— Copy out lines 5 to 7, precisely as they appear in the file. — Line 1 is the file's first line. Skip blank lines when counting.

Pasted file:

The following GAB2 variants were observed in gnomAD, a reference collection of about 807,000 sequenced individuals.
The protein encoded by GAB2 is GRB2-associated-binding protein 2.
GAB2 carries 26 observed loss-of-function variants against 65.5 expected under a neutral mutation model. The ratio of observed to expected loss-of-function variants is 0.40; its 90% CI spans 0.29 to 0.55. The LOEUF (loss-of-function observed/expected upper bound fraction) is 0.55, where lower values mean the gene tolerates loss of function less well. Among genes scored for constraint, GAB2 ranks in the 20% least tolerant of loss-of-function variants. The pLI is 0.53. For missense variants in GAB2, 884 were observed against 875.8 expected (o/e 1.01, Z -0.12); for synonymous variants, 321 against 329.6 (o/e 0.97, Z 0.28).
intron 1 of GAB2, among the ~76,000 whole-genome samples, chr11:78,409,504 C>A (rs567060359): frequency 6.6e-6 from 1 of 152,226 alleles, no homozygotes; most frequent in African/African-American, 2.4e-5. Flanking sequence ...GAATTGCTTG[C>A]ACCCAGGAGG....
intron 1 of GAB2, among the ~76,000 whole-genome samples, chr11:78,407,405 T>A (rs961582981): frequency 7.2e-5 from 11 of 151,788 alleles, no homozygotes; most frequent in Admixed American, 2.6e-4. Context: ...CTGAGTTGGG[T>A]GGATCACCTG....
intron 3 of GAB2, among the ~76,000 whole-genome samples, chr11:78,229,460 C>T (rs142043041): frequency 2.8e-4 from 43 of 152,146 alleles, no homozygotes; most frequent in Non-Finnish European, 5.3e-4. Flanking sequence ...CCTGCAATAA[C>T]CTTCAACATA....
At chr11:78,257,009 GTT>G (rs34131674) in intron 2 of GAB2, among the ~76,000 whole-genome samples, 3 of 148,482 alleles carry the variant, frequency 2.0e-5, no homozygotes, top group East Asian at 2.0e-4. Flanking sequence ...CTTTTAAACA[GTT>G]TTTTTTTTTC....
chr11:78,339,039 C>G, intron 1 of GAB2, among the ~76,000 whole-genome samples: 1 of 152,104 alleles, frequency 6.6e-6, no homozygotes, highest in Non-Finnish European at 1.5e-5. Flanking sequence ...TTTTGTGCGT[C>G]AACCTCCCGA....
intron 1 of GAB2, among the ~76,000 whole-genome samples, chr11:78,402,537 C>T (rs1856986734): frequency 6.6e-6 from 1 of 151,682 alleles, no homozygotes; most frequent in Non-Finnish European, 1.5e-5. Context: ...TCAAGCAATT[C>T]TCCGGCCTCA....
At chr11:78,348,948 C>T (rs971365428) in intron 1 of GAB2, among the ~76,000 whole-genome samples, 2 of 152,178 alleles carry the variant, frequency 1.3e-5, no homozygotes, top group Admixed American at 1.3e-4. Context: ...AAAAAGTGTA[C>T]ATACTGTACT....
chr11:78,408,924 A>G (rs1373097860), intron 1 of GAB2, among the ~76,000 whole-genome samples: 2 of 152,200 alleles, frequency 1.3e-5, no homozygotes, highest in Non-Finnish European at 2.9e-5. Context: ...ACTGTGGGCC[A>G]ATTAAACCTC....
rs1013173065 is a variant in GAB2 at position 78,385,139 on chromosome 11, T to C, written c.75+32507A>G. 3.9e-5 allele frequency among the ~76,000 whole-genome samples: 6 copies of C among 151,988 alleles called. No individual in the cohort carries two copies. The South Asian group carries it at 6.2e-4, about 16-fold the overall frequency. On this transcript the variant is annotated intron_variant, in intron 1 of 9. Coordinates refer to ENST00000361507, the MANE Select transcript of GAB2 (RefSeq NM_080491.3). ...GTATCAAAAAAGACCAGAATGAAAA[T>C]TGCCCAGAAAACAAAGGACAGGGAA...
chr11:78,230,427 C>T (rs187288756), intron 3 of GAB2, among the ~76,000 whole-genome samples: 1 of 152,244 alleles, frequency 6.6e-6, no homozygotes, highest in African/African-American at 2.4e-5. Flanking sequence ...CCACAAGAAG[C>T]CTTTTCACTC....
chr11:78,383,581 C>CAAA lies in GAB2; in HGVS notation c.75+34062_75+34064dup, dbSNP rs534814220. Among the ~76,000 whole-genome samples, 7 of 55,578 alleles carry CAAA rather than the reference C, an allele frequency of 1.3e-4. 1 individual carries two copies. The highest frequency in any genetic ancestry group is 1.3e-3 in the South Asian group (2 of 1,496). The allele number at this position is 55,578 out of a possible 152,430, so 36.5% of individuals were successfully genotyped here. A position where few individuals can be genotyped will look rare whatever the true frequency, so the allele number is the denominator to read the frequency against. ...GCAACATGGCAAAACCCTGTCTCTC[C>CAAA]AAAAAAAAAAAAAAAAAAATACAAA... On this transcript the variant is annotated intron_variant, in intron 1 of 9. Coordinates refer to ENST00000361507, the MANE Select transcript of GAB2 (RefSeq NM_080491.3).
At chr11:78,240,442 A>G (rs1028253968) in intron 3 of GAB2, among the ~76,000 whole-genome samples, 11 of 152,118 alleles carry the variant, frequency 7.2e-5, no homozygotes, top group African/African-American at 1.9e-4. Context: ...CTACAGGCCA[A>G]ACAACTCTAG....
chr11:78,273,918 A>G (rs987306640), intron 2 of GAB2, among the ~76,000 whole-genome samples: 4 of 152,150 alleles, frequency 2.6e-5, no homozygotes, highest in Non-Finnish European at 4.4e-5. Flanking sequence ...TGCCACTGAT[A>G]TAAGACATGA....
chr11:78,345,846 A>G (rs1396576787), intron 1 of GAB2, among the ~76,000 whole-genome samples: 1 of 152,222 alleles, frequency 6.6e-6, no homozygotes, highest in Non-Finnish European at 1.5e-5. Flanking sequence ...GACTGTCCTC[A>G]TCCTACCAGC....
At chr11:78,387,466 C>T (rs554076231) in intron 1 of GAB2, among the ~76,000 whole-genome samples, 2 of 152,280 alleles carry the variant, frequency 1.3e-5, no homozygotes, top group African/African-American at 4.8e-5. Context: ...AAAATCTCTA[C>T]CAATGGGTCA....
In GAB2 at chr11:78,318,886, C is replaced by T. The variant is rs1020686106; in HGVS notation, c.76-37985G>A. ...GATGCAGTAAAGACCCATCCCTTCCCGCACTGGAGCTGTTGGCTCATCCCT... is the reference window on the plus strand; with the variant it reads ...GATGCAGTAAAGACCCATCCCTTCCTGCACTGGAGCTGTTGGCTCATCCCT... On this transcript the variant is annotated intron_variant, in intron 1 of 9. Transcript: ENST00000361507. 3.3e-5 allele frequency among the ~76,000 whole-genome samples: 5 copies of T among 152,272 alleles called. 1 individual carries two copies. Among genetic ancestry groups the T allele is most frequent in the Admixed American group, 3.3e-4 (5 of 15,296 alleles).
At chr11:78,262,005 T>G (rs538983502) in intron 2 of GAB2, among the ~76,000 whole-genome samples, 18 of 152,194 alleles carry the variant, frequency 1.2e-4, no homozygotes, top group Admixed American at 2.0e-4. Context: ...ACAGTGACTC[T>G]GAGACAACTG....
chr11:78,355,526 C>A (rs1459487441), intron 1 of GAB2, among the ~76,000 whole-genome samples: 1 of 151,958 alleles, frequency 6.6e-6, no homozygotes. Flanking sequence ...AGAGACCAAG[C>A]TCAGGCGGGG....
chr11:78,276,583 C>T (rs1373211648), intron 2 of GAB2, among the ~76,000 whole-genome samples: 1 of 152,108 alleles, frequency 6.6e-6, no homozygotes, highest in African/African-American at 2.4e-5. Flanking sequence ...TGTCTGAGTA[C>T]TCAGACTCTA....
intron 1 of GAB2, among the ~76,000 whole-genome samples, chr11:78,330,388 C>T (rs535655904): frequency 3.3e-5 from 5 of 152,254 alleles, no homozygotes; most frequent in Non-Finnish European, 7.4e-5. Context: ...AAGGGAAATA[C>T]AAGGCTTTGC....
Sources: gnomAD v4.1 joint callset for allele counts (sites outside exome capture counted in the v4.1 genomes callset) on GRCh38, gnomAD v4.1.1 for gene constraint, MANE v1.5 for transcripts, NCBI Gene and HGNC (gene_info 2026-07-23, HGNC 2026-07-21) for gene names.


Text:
intron 1 of GAB2, among the ~76,000 whole-genome samples, chr11:78,407,405 T>A (rs961582981): frequency 7.2e-5 from 11 of 151,788 alleles, no homozygotes; most frequent in Admixed American, 2.6e-4. Context: ...CTGAGTTGGG[T>A]GGATCACCTG....
intron 3 of GAB2, among the ~76,000 whole-genome samples, chr11:78,229,460 C>T (rs142043041): frequency 2.8e-4 from 43 of 152,146 alleles, no homozygotes; most frequent in Non-Finnish European, 5.3e-4. Flanking sequence ...CCTGCAATAA[C>T]CTTCAACATA....
At chr11:78,257,009 GTT>G (rs34131674) in intron 2 of GAB2, among the ~76,000 whole-genome samples, 3 of 148,482 alleles carry the variant, frequency 2.0e-5, no homozygotes, top group East Asian at 2.0e-4. Flanking sequence ...CTTTTAAACA[GTT>G]TTTTTTTTTC....